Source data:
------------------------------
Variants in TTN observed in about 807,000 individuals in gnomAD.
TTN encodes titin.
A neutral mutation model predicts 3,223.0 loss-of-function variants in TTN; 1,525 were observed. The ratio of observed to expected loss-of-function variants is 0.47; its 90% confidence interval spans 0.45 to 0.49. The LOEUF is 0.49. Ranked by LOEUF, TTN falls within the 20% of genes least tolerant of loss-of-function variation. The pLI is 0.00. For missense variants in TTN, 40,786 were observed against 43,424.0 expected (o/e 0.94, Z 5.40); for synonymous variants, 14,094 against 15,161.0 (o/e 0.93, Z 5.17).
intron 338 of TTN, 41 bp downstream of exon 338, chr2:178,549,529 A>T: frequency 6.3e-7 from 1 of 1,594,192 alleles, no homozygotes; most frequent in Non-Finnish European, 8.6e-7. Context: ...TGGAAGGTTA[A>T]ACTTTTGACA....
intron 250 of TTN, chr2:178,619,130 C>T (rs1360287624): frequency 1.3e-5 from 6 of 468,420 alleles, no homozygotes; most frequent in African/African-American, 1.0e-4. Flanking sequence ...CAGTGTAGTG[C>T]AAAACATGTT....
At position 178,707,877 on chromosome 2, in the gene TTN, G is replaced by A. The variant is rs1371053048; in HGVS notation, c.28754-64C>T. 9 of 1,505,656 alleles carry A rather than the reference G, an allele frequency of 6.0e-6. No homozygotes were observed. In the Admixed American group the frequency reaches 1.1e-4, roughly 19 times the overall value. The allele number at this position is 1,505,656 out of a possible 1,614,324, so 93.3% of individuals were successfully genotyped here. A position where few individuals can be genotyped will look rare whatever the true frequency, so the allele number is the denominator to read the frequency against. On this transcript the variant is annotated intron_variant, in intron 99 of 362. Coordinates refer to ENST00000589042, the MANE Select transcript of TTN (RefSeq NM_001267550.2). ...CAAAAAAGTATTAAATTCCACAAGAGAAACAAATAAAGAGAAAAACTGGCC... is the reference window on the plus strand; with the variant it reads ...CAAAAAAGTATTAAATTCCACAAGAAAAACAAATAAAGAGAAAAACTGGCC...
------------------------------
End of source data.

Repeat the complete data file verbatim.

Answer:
Variants in TTN observed in about 807,000 individuals in gnomAD.
TTN encodes titin.
A neutral mutation model predicts 3,223.0 loss-of-function variants in TTN; 1,525 were observed. The ratio of observed to expected loss-of-function variants is 0.47; its 90% confidence interval spans 0.45 to 0.49. The LOEUF is 0.49. Ranked by LOEUF, TTN falls within the 20% of genes least tolerant of loss-of-function variation. The pLI is 0.00. For missense variants in TTN, 40,786 were observed against 43,424.0 expected (o/e 0.94, Z 5.40); for synonymous variants, 14,094 against 15,161.0 (o/e 0.93, Z 5.17).
intron 338 of TTN, 41 bp downstream of exon 338, chr2:178,549,529 A>T: frequency 6.3e-7 from 1 of 1,594,192 alleles, no homozygotes; most frequent in Non-Finnish European, 8.6e-7. Context: ...TGGAAGGTTA[A>T]ACTTTTGACA....
intron 250 of TTN, chr2:178,619,130 C>T (rs1360287624): frequency 1.3e-5 from 6 of 468,420 alleles, no homozygotes; most frequent in African/African-American, 1.0e-4. Flanking sequence ...CAGTGTAGTG[C>T]AAAACATGTT....
At position 178,707,877 on chromosome 2, in the gene TTN, G is replaced by A. The variant is rs1371053048; in HGVS notation, c.28754-64C>T. 9 of 1,505,656 alleles carry A rather than the reference G, an allele frequency of 6.0e-6. No homozygotes were observed. In the Admixed American group the frequency reaches 1.1e-4, roughly 19 times the overall value. The allele number at this position is 1,505,656 out of a possible 1,614,324, so 93.3% of individuals were successfully genotyped here. A position where few individuals can be genotyped will look rare whatever the true frequency, so the allele number is the denominator to read the frequency against. On this transcript the variant is annotated intron_variant, in intron 99 of 362. Coordinates refer to ENST00000589042, the MANE Select transcript of TTN (RefSeq NM_001267550.2). ...CAAAAAAGTATTAAATTCCACAAGAGAAACAAATAAAGAGAAAAACTGGCC... is the reference window on the plus strand; with the variant it reads ...CAAAAAAGTATTAAATTCCACAAGAAAAACAAATAAAGAGAAAAACTGGCC...